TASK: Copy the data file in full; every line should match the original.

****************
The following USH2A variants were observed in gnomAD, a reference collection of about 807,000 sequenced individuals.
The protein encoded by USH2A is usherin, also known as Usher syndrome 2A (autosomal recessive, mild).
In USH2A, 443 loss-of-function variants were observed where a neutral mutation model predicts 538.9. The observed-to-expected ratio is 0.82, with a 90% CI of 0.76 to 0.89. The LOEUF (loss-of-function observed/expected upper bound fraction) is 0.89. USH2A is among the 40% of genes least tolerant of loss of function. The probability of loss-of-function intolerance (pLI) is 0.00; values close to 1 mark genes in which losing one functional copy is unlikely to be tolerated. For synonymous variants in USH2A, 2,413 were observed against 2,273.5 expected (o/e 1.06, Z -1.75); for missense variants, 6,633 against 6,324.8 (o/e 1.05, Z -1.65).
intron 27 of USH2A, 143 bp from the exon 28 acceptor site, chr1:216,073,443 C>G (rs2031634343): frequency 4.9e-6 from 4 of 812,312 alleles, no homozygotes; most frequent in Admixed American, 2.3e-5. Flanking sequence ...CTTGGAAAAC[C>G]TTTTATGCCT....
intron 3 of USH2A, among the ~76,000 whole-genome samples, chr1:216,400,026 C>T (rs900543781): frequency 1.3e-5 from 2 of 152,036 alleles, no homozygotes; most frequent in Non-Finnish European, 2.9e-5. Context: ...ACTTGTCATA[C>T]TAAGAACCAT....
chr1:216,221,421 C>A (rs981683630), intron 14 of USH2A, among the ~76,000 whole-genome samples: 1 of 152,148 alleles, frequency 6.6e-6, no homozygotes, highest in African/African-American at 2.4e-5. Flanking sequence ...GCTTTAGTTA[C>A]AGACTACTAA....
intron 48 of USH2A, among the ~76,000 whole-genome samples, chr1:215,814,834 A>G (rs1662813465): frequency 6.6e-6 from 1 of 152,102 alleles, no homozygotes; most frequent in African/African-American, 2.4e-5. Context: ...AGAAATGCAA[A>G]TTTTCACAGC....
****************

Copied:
The following USH2A variants were observed in gnomAD, a reference collection of about 807,000 sequenced individuals.
The protein encoded by USH2A is usherin, also known as Usher syndrome 2A (autosomal recessive, mild).
In USH2A, 443 loss-of-function variants were observed where a neutral mutation model predicts 538.9. The observed-to-expected ratio is 0.82, with a 90% CI of 0.76 to 0.89. The LOEUF (loss-of-function observed/expected upper bound fraction) is 0.89. USH2A is among the 40% of genes least tolerant of loss of function. The probability of loss-of-function intolerance (pLI) is 0.00; values close to 1 mark genes in which losing one functional copy is unlikely to be tolerated. For synonymous variants in USH2A, 2,413 were observed against 2,273.5 expected (o/e 1.06, Z -1.75); for missense variants, 6,633 against 6,324.8 (o/e 1.05, Z -1.65).
intron 27 of USH2A, 143 bp from the exon 28 acceptor site, chr1:216,073,443 C>G (rs2031634343): frequency 4.9e-6 from 4 of 812,312 alleles, no homozygotes; most frequent in Admixed American, 2.3e-5. Flanking sequence ...CTTGGAAAAC[C>G]TTTTATGCCT....
intron 3 of USH2A, among the ~76,000 whole-genome samples, chr1:216,400,026 C>T (rs900543781): frequency 1.3e-5 from 2 of 152,036 alleles, no homozygotes; most frequent in Non-Finnish European, 2.9e-5. Context: ...ACTTGTCATA[C>T]TAAGAACCAT....
chr1:216,221,421 C>A (rs981683630), intron 14 of USH2A, among the ~76,000 whole-genome samples: 1 of 152,148 alleles, frequency 6.6e-6, no homozygotes, highest in African/African-American at 2.4e-5. Flanking sequence ...GCTTTAGTTA[C>A]AGACTACTAA....
intron 48 of USH2A, among the ~76,000 whole-genome samples, chr1:215,814,834 A>G (rs1662813465): frequency 6.6e-6 from 1 of 152,102 alleles, no homozygotes; most frequent in African/African-American, 2.4e-5. Context: ...AGAAATGCAA[A>G]TTTTCACAGC....